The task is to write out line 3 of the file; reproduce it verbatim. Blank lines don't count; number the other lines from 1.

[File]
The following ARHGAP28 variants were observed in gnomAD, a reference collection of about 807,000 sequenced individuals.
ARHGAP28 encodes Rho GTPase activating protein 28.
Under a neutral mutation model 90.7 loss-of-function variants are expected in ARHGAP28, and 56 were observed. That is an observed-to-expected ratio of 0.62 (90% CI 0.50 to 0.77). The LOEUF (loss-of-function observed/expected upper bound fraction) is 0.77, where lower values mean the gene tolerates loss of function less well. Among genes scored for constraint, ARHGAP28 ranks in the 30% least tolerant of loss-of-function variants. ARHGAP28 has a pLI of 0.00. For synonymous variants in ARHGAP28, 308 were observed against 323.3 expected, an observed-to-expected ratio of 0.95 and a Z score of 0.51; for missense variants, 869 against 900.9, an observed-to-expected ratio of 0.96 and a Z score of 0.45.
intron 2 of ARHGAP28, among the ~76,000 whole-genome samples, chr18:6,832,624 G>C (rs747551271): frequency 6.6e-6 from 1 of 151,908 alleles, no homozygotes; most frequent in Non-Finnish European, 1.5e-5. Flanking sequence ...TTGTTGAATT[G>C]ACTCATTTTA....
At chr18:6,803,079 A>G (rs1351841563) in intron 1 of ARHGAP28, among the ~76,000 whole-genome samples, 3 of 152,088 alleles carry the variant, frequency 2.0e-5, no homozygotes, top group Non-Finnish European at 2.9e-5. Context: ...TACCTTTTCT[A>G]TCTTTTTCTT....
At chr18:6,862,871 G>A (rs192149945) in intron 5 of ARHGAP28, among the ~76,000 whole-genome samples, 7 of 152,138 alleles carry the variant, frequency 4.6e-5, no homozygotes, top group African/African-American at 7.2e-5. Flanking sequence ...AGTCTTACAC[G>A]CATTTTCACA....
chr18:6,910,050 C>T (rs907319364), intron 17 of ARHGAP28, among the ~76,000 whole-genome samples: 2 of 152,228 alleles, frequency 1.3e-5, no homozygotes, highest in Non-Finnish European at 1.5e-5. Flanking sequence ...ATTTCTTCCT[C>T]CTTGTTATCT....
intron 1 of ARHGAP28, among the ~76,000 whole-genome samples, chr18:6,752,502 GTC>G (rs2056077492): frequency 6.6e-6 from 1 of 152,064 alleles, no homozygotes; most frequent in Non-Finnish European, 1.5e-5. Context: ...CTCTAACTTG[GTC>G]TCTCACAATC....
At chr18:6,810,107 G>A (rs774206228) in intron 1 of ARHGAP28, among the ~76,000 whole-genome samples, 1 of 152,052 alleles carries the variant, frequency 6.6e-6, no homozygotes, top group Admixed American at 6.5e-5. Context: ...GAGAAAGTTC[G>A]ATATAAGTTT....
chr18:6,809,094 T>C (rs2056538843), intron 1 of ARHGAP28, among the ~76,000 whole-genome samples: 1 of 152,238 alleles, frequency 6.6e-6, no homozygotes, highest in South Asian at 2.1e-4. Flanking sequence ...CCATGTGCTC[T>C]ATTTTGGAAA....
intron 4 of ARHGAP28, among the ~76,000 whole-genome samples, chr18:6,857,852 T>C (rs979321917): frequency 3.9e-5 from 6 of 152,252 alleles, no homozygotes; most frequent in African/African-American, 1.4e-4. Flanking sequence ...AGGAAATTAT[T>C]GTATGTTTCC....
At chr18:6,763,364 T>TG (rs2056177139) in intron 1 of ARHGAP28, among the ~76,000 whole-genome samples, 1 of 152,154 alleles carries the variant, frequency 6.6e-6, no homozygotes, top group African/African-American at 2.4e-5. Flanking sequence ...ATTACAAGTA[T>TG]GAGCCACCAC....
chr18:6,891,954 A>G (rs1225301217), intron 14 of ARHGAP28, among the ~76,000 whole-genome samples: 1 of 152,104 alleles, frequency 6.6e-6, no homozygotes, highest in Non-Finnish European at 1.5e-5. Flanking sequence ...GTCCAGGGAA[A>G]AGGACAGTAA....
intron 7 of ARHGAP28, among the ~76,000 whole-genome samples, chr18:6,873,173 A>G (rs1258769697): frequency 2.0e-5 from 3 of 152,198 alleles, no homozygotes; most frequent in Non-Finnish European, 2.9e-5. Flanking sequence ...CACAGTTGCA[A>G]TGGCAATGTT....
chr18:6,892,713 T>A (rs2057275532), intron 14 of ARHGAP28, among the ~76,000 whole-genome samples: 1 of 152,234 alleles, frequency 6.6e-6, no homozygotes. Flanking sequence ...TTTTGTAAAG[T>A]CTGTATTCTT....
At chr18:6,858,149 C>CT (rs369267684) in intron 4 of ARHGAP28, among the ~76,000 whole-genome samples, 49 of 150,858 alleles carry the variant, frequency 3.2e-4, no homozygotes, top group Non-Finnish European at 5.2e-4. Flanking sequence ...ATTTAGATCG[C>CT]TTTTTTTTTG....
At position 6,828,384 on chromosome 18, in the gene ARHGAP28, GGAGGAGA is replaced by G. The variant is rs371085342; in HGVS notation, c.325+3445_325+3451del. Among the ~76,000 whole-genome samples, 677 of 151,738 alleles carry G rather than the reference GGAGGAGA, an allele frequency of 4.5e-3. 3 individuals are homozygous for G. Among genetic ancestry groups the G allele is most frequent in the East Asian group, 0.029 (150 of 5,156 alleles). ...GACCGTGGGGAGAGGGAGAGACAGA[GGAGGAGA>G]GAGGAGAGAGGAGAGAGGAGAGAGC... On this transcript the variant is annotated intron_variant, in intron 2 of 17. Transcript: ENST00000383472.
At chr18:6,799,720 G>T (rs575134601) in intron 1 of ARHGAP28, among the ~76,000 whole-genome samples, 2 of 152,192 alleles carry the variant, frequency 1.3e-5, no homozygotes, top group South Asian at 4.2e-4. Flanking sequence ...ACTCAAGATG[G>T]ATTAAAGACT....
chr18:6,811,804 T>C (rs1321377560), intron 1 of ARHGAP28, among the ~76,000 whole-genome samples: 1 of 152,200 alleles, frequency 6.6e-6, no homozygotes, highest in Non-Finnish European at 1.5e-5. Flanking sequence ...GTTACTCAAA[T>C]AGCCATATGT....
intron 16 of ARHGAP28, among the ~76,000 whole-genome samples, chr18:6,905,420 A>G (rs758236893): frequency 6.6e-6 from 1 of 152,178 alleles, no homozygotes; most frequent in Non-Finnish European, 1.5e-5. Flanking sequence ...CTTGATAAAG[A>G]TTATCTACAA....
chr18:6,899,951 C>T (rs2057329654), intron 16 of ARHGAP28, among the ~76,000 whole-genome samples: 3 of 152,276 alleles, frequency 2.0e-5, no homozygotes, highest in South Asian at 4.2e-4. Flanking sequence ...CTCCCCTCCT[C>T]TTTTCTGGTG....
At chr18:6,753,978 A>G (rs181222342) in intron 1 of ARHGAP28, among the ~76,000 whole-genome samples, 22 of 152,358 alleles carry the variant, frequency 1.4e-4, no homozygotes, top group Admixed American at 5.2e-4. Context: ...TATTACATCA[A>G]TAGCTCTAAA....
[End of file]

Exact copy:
Under a neutral mutation model 90.7 loss-of-function variants are expected in ARHGAP28, and 56 were observed. That is an observed-to-expected ratio of 0.62 (90% CI 0.50 to 0.77). The LOEUF (loss-of-function observed/expected upper bound fraction) is 0.77, where lower values mean the gene tolerates loss of function less well. Among genes scored for constraint, ARHGAP28 ranks in the 30% least tolerant of loss-of-function variants. ARHGAP28 has a pLI of 0.00. For synonymous variants in ARHGAP28, 308 were observed against 323.3 expected, an observed-to-expected ratio of 0.95 and a Z score of 0.51; for missense variants, 869 against 900.9, an observed-to-expected ratio of 0.96 and a Z score of 0.45.